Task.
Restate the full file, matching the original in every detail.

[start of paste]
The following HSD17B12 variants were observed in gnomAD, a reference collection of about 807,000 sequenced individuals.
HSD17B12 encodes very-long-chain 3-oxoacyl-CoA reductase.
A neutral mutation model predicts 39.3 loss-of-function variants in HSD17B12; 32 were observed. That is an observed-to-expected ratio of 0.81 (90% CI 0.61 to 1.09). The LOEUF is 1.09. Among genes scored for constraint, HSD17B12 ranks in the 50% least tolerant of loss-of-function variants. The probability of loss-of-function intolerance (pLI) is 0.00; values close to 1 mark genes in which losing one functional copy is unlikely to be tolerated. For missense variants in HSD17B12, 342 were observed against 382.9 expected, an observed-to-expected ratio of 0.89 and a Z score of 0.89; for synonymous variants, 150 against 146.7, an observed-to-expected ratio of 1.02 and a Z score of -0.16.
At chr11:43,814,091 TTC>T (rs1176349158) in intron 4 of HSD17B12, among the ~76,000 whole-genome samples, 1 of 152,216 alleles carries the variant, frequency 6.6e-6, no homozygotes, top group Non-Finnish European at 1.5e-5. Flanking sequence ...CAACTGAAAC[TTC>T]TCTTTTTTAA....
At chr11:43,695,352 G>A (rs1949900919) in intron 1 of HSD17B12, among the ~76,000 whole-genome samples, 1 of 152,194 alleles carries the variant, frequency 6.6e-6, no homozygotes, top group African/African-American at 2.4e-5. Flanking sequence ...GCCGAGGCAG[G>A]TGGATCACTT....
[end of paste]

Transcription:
The following HSD17B12 variants were observed in gnomAD, a reference collection of about 807,000 sequenced individuals.
HSD17B12 encodes very-long-chain 3-oxoacyl-CoA reductase.
A neutral mutation model predicts 39.3 loss-of-function variants in HSD17B12; 32 were observed. That is an observed-to-expected ratio of 0.81 (90% CI 0.61 to 1.09). The LOEUF is 1.09. Among genes scored for constraint, HSD17B12 ranks in the 50% least tolerant of loss-of-function variants. The probability of loss-of-function intolerance (pLI) is 0.00; values close to 1 mark genes in which losing one functional copy is unlikely to be tolerated. For missense variants in HSD17B12, 342 were observed against 382.9 expected, an observed-to-expected ratio of 0.89 and a Z score of 0.89; for synonymous variants, 150 against 146.7, an observed-to-expected ratio of 1.02 and a Z score of -0.16.
At chr11:43,814,091 TTC>T (rs1176349158) in intron 4 of HSD17B12, among the ~76,000 whole-genome samples, 1 of 152,216 alleles carries the variant, frequency 6.6e-6, no homozygotes, top group Non-Finnish European at 1.5e-5. Flanking sequence ...CAACTGAAAC[TTC>T]TCTTTTTTAA....
At chr11:43,695,352 G>A (rs1949900919) in intron 1 of HSD17B12, among the ~76,000 whole-genome samples, 1 of 152,194 alleles carries the variant, frequency 6.6e-6, no homozygotes, top group African/African-American at 2.4e-5. Flanking sequence ...GCCGAGGCAG[G>A]TGGATCACTT....